by Jack Sommersby
There's a good deal of talent involved, but nobody seems to have tried especially hard.I'd be more than happy to report that Maniac Cop is another feather in the cap for B-movie director William Lustig, who gave us the excellent entertainments Maniac (1980) and Vigilante (1983), but despite a fairly decent story idea it doesn't offer much in the way of either scares or suspense. It's another one of his gritty New York exploitation tales, but the screenwriter, Larry Cohen, who's given us his fair share of Big Apple exploitation tales as a director with Gold Told Me To! and Q: The Winged Serpent, doesn't unearth a whole lot of potential from his scenario of a disfigured, inhumanly-strong ex-police officer wreaking merciless havoc in this metropolitan area. It starts out as something by the likes of a mad-slasher flick, as the title character, former NYPD super cop Matt Cordell (Robert Z'Dar), does in three innocent people in three separate incidents while dressed in his old uniform right down to the white gloves; the victims think they're dealing with an actual cop, until, that is, he either strangles, knives, or buries them face-first into a still-wet-cement block of sidewalk. The lead detective, Frank McCrae (Tom Atkins), comes to believe it is a policeman due to the efficiency of the crimes, but the upper brass, consisting of cover-their-ass types worried about a media frenzy if word gets out, try their damndest to suppress this; news of the link does eventually break, resulting in tourism dropping forty-percent, much to the mayor's chagrin, and the public's growing mistrust of the police, as one citizen, with her car stalled in the middle of a deserted street, pulls a gun out of her purse and shoots an innocent cop approaching her to render help thinking he's the culprit. Meanwhile, Cordell, to take the heat off him, frames a spouse-cheating cop, Jack Forrest (Bruce Campbell), for the grisly death of his wife in the same motel room where he was previously in bed with fellow cop Mallory (Laurene Landon); the department, eager to show they're doing all they can and not covering for one of their own, are all too obliged to accept Forrest as the psychopath responsible. Mallory tries persuading McCrae that he's innocent, and they start combing through old files to see who the killer most likely is; at the same time, we get underwhelming scenes of the higher-ups sweating that the course of the investigation will reveal they trumped up charges against Cordell and sent him to prison because he was busting some Mafia figures who were in cahoots with the hierarchy of City Hall, including the police commissioner and the mayor himself. But Cordell was killed in prison, according to the records, yet apparently he's out and about doing anything other than nicely collecting donations for the Policeman's Ball.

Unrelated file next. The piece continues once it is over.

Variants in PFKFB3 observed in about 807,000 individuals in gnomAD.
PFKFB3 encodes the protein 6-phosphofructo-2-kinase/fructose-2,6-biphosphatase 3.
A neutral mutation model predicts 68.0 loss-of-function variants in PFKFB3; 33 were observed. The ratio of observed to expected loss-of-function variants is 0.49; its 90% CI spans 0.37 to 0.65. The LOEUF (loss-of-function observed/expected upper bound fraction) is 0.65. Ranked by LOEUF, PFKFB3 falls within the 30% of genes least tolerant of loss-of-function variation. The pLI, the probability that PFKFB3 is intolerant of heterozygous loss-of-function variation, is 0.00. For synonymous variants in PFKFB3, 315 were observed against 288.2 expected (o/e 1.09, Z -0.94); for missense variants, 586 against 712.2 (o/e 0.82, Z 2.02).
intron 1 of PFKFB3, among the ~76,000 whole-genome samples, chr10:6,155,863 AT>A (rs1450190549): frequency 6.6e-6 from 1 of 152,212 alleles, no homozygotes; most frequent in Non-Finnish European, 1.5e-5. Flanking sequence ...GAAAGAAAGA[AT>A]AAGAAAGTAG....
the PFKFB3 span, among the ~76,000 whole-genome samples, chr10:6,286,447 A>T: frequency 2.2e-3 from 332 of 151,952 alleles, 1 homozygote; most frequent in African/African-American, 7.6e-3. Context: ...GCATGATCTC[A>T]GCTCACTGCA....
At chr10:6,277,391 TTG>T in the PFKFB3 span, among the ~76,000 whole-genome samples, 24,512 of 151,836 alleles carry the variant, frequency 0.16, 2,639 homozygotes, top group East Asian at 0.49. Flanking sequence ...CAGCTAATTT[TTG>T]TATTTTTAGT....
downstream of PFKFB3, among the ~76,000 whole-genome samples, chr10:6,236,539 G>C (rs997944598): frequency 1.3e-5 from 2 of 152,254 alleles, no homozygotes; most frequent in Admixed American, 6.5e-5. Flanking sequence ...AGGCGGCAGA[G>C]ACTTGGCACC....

Among other weaknesses, Maniac Cop has way too much plot, and Lustig and Cohen aren't able-enough storytellers to progress us through it with narrative fluidity. The scenes keep bumping into one another for lack of a viable through-line, and after a while we can't be sure if we're meant to be watching a cop thriller with horrific undertones or a horror movie with crime undercurrents, resulting in serious clashes of tone. Lustig's previous stuff was simplistic, yes, but they knew their limited place, enabling their imaginative director to garnish them with phantasmagorically colorful touches that gave them some a good deal of verve. Cordell never really comes alive as a formidable villain, and the way Lustig clunkily builds the scenes, we never feel there's much at stake to the story -- we couldn't care less about the characters, and because there's a lack of trashiness that would give the material some kick, we don't get anything out of the murders, either. For a little bit, Atkins (who ably played the hero in the underrated Halloween III: Season of the Witch) keeps us interested due to his innate honesty as an actor, but then his character's all but neutralized to make way for Forrest, who Campbell, for all his semi-inspired zaniness as the goofy Ash in Sami Raimi's Evil Dead 2, plays indifferently and boringinly -- he's the quintessential lackadaisical hero with a runtish physique and zero cumulative force; it's as if a New York Times paperboy were running around trying to crack the case. (And Lustig's ultra-disrespect for women hasn't changed: Landon's supposedly-seasoned policewoman spends the second half abrasively screaming like the shrillest backwoods banshee.) Also hurting matters is the considerable low budget, which Lustig has before been able to overcome, but not this time. And I'm not talking special effects, but the police stations, the city sidewalks and streets that are noticeably underpopulated; the happenstances just don't seem to be going down in an actual urban city, so the growing unease and eventual frenzy of a citizenry up in arms over a tainted police force meant to protect them never convincingly comes across. Maniac Cop should've been a real corker, but most of the basic fundamentals of both genres it's attempting are fudged, with even the music score from the fine Jay Chattaway quite limited and mediocre. The pacing does pick up in the last third, and a flashback scene in a prison shower of Cordell getting his face severely slashed has a nice dreamlike quality that's superbly rendered. Overall, though, coming from a good moviemaker whose first directorial effort this is after a five-year hiatus, it's not just disappointing but negligible enough to warrant a punishment severer than a mere misdemeanor.For fans, the DVD offers an excellent transfer and more than enough special features to appease.
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originally posted: 01/31/12 19:07:19